thanks for that Wilma graphic.. look at that..

it went from TD/TS/Cat1 directly to Cat4 then next dot is Cat5! I remember all of us watching that in stunned amazment ...thinking after Katrina and Rita and their explosions we had seen the worse and then Wilma does this and shatters all the records .


She was a scary one, most especially for October 24th...
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Are we on a jasoncoolman vacation? Where is this fella?
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Quoting DestinJeff:
Did we ever figure out how to pronounce Gaston?
Yes. Gaston: ga-STAWN.
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Quoting DestinJeff:


I was joking.

Yes you were and LMAO!!!
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Quoting DestinJeff:


I was joking.


I kinda figured...
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Quoting Floodman:
word to ya muthah
what he said lol
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Got some drier air to the nw of Gaston but Gaston is appearing to organize.
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thanks for that Wilma graphic.. look at that..

it went from TD/TS/Cat1 directly to Cat4 then next dot is Cat5! I remember all of us watching that in stunned amazment ...thinking after Katrina and Rita and their explosions we had seen the worse and then Wilma does this and shatters all the records .
Member Since: August 29, 2005 Posts: 302 Comments: 40956
Quoting Floodman:


I don't know, Rita was pretty "tight" and she went pretty much left across the GOM...we won't even talk about Dean and Felix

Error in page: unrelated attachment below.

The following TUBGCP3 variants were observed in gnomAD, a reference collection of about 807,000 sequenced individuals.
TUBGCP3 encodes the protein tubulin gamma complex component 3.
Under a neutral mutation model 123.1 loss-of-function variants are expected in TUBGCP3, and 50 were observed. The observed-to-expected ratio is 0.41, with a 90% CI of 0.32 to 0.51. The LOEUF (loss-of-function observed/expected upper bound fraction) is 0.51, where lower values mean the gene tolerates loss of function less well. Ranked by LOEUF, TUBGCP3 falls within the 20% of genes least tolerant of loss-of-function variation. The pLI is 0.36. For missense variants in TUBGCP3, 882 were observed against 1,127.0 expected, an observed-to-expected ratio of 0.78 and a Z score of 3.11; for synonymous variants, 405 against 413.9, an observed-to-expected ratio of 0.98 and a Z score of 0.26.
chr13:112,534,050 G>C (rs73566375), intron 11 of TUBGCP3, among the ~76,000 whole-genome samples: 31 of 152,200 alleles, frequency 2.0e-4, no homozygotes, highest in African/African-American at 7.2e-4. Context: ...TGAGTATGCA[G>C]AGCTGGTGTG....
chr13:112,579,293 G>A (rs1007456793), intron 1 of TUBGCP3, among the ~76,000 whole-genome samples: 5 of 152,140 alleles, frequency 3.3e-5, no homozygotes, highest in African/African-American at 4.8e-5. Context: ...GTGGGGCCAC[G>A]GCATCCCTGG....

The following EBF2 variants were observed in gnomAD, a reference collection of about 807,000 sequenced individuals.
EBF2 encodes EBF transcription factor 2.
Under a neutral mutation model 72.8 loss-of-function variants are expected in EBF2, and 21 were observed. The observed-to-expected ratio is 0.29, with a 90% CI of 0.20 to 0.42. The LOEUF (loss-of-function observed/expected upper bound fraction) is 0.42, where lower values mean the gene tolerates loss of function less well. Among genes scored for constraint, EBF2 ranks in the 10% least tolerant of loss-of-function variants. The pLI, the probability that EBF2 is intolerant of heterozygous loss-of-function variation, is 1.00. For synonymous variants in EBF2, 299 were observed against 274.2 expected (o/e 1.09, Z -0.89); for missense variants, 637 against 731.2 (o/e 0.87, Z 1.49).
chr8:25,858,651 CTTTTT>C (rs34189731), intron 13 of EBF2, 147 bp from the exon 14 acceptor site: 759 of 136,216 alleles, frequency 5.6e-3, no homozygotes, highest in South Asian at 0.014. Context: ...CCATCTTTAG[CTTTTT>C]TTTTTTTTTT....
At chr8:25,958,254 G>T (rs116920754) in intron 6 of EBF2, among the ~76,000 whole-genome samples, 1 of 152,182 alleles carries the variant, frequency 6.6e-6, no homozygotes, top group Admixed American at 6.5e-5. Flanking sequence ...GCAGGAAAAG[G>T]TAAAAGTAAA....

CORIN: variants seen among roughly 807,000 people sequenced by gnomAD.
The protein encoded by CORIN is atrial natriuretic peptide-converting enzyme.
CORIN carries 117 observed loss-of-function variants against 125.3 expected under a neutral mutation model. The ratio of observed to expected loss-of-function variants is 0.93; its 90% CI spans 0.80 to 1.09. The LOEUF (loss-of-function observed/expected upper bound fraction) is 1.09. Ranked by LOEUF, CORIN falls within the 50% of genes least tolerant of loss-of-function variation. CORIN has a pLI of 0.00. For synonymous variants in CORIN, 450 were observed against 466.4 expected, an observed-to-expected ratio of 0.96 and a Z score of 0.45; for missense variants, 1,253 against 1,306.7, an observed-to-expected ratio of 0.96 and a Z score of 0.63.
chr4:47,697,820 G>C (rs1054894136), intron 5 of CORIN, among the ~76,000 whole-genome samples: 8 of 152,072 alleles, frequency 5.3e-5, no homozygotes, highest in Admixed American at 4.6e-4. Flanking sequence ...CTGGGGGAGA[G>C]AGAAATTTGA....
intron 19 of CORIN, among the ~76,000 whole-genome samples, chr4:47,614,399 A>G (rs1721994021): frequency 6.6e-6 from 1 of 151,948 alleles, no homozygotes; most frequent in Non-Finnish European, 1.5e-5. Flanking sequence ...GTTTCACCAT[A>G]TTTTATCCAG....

...In most cases anyways! LOL
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Quoting ecflweatherfan:
Hurricanes are like screws... Righty tightey, Lefty loosey. In other words, the tighter the circulation (e.g. the stronger the storm), the more it's path bends to the right. The looser the circulation (e.g. the weaker the storm), the more it stays left. In my observances anyways.


I don't know, Rita was pretty "tight" and she went pretty much left across the GOM...we won't even talk about Dean and Felix
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Looking like convection along with anticyclone positioned above on Gaston. May skip TD and go to TS?
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Hurricanes are like screws... Righty tightey, Lefty loosey. In other words, the tighter the circulation (e.g. the stronger the storm), the more it's path bends to the right. The looser the circulation (e.g. the weaker the storm), the more it stays left. In my observances anyways.
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Quoting DestinJeff:


sure it was. as a cat 1 at about 40N


Okay, smartA$$...I meant in the area of the Puerto Rico trench...not, necessarily off the coast of New Jersey
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Quoting Floodman: